Program Structure

The McAfee Doctor of Ministry Degree program is a 33-hour program developed to concentrate on the content of the program's various components. Students remain in their fields of service for the entire program, coming to McAfee for classes and focused collegial interaction, for individual study at the library, or to engage in consultation with the student's faculty supervisor.

Faculty Supervision

Each student in the D. Min. program will work with a Faculty Supervisor in his or her area of specialization. Supervisors provide advising in the program process, collaboration on experiential learning modules integrating research and ministry, and supervision of the Project Thesis. A faculty supervisor will be suggested in consultation with the student and the Associate Dean. All students must be assigned to a faculty supervisor prior to beginning the program. Changes may be made in Faculty Supervision if the student's Project Thesis proposal changes or requests are made to the Associate Dean. Normally, Faculty Supervisors may teach only one D.Min. seminar in an academic year and are limited to a supervisory load of five students per year.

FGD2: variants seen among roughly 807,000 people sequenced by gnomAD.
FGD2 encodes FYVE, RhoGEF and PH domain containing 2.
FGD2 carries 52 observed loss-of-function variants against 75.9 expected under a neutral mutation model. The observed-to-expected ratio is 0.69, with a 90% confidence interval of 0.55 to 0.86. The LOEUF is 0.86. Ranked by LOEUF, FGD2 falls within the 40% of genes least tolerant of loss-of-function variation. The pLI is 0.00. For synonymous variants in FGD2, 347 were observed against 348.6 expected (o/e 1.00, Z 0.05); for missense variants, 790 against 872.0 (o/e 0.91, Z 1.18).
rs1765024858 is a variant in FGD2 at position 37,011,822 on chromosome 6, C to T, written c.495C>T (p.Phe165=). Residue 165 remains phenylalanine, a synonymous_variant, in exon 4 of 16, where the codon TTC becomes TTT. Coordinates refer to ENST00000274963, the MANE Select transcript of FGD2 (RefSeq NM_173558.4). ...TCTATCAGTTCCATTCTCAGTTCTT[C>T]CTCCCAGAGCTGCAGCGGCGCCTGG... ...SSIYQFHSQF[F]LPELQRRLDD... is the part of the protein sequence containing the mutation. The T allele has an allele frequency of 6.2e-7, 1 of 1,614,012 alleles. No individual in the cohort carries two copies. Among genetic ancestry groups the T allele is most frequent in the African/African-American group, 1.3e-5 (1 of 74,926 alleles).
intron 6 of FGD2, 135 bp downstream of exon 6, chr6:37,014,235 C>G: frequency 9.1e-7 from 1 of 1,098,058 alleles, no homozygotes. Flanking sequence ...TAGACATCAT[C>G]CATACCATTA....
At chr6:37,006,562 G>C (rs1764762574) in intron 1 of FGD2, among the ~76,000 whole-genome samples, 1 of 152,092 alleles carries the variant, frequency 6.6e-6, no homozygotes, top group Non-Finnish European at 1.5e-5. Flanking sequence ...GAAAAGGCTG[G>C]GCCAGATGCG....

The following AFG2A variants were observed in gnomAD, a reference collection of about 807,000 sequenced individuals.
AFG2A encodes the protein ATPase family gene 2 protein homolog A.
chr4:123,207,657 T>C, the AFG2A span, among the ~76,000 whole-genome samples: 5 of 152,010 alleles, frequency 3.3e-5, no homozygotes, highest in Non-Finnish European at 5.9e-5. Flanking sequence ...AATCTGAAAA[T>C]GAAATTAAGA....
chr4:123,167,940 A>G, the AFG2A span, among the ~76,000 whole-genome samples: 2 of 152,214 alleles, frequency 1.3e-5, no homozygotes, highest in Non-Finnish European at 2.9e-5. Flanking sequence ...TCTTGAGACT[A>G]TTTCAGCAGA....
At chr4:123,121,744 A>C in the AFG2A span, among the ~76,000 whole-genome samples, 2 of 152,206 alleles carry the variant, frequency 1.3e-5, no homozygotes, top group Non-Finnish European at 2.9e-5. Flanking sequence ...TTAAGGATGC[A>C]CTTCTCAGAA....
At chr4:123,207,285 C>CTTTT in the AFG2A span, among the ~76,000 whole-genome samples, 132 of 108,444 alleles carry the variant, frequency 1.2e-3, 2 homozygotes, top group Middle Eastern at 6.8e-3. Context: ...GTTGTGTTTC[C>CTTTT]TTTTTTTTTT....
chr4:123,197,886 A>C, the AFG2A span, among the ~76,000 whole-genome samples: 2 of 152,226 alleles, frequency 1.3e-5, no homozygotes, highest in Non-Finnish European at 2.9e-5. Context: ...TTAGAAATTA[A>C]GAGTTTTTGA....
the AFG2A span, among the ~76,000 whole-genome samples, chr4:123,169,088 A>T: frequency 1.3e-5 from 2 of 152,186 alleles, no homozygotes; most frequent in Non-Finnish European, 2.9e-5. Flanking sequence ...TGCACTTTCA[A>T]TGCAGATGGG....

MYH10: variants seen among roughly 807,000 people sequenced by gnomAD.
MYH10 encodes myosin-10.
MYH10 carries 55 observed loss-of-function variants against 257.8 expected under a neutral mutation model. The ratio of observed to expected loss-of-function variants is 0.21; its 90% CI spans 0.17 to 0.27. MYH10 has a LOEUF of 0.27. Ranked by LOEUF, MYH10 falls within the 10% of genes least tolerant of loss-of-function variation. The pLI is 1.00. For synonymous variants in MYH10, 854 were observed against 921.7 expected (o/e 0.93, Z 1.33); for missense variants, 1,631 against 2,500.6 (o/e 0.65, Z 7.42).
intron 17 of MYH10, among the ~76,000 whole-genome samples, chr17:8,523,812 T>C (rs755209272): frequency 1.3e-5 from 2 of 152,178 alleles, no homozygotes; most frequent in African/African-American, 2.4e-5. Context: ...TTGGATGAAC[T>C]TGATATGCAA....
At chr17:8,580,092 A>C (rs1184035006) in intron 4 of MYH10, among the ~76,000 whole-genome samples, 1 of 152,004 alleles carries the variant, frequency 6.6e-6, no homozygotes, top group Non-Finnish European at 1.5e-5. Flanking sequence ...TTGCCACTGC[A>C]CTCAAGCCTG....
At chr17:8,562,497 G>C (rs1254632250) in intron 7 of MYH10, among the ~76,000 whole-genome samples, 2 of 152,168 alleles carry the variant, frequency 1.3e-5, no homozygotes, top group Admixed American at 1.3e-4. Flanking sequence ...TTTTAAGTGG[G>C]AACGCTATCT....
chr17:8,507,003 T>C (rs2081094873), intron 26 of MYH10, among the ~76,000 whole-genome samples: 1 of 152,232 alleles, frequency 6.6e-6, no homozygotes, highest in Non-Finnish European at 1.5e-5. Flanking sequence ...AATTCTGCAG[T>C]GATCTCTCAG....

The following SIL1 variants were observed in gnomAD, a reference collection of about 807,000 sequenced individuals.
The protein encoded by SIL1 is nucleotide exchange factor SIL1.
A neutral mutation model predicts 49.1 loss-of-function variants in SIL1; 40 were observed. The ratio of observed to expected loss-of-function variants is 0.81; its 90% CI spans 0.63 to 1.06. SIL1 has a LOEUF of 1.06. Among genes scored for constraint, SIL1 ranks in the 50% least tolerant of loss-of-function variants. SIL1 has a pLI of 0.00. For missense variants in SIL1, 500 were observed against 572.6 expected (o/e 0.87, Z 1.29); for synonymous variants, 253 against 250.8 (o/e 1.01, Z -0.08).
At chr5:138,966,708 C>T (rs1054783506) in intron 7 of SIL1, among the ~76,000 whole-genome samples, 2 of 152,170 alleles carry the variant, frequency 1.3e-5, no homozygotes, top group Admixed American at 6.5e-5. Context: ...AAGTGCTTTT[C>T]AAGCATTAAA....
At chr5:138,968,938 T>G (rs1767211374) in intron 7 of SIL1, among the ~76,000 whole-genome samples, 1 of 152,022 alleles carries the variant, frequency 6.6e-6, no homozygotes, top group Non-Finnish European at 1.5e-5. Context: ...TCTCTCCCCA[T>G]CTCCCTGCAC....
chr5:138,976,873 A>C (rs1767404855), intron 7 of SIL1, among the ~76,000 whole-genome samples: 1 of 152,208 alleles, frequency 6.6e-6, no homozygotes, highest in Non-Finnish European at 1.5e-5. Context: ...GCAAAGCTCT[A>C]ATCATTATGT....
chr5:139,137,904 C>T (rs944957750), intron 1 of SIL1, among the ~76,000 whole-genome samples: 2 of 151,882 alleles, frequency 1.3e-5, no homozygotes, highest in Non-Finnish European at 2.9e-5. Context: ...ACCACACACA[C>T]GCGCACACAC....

Experiential Learning Units

A variety of learning experiences to enhance one's knowledge and practice in ministry are completed as a core part of the degree. These units are completed in the student's place of ministry and do not require an on-campus presence. Students will participate in one of the three options below: